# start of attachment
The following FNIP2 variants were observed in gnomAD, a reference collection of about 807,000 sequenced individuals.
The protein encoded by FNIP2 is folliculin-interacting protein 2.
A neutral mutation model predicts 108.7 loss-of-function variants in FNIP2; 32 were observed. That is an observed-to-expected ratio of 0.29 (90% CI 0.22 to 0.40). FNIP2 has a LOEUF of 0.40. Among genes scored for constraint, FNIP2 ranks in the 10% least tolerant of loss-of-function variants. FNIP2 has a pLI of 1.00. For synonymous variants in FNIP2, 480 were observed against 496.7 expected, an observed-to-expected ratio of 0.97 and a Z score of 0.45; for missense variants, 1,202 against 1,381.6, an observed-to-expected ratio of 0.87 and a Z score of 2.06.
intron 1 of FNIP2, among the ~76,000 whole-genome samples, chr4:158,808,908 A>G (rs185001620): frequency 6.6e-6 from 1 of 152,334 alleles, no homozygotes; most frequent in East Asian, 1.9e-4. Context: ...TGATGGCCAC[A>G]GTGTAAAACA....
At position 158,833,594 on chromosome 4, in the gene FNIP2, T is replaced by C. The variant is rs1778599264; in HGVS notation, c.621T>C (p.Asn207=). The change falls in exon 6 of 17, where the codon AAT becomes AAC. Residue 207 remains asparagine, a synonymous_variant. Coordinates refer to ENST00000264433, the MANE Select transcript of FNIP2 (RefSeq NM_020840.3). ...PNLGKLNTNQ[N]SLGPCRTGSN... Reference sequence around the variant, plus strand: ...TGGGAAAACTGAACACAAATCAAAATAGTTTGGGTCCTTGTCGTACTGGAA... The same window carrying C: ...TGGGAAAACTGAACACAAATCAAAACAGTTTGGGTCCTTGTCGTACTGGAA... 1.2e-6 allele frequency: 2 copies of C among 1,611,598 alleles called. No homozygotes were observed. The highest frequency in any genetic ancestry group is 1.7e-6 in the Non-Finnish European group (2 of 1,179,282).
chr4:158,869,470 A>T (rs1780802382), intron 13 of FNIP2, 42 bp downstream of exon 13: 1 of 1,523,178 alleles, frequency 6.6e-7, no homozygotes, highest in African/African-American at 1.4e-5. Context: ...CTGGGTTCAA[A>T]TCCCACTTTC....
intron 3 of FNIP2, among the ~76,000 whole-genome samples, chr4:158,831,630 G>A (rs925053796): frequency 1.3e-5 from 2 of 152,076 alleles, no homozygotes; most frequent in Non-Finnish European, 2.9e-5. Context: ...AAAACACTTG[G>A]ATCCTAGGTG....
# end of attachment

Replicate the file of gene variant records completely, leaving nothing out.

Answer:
The following FNIP2 variants were observed in gnomAD, a reference collection of about 807,000 sequenced individuals.
The protein encoded by FNIP2 is folliculin-interacting protein 2.
A neutral mutation model predicts 108.7 loss-of-function variants in FNIP2; 32 were observed. That is an observed-to-expected ratio of 0.29 (90% CI 0.22 to 0.40). FNIP2 has a LOEUF of 0.40. Among genes scored for constraint, FNIP2 ranks in the 10% least tolerant of loss-of-function variants. FNIP2 has a pLI of 1.00. For synonymous variants in FNIP2, 480 were observed against 496.7 expected, an observed-to-expected ratio of 0.97 and a Z score of 0.45; for missense variants, 1,202 against 1,381.6, an observed-to-expected ratio of 0.87 and a Z score of 2.06.
intron 1 of FNIP2, among the ~76,000 whole-genome samples, chr4:158,808,908 A>G (rs185001620): frequency 6.6e-6 from 1 of 152,334 alleles, no homozygotes; most frequent in East Asian, 1.9e-4. Context: ...TGATGGCCAC[A>G]GTGTAAAACA....
At position 158,833,594 on chromosome 4, in the gene FNIP2, T is replaced by C. The variant is rs1778599264; in HGVS notation, c.621T>C (p.Asn207=). The change falls in exon 6 of 17, where the codon AAT becomes AAC. Residue 207 remains asparagine, a synonymous_variant. Coordinates refer to ENST00000264433, the MANE Select transcript of FNIP2 (RefSeq NM_020840.3). ...PNLGKLNTNQ[N]SLGPCRTGSN... Reference sequence around the variant, plus strand: ...TGGGAAAACTGAACACAAATCAAAATAGTTTGGGTCCTTGTCGTACTGGAA... The same window carrying C: ...TGGGAAAACTGAACACAAATCAAAACAGTTTGGGTCCTTGTCGTACTGGAA... 1.2e-6 allele frequency: 2 copies of C among 1,611,598 alleles called. No homozygotes were observed. The highest frequency in any genetic ancestry group is 1.7e-6 in the Non-Finnish European group (2 of 1,179,282).
chr4:158,869,470 A>T (rs1780802382), intron 13 of FNIP2, 42 bp downstream of exon 13: 1 of 1,523,178 alleles, frequency 6.6e-7, no homozygotes, highest in African/African-American at 1.4e-5. Context: ...CTGGGTTCAA[A>T]TCCCACTTTC....
intron 3 of FNIP2, among the ~76,000 whole-genome samples, chr4:158,831,630 G>A (rs925053796): frequency 1.3e-5 from 2 of 152,076 alleles, no homozygotes; most frequent in Non-Finnish European, 2.9e-5. Context: ...AAAACACTTG[G>A]ATCCTAGGTG....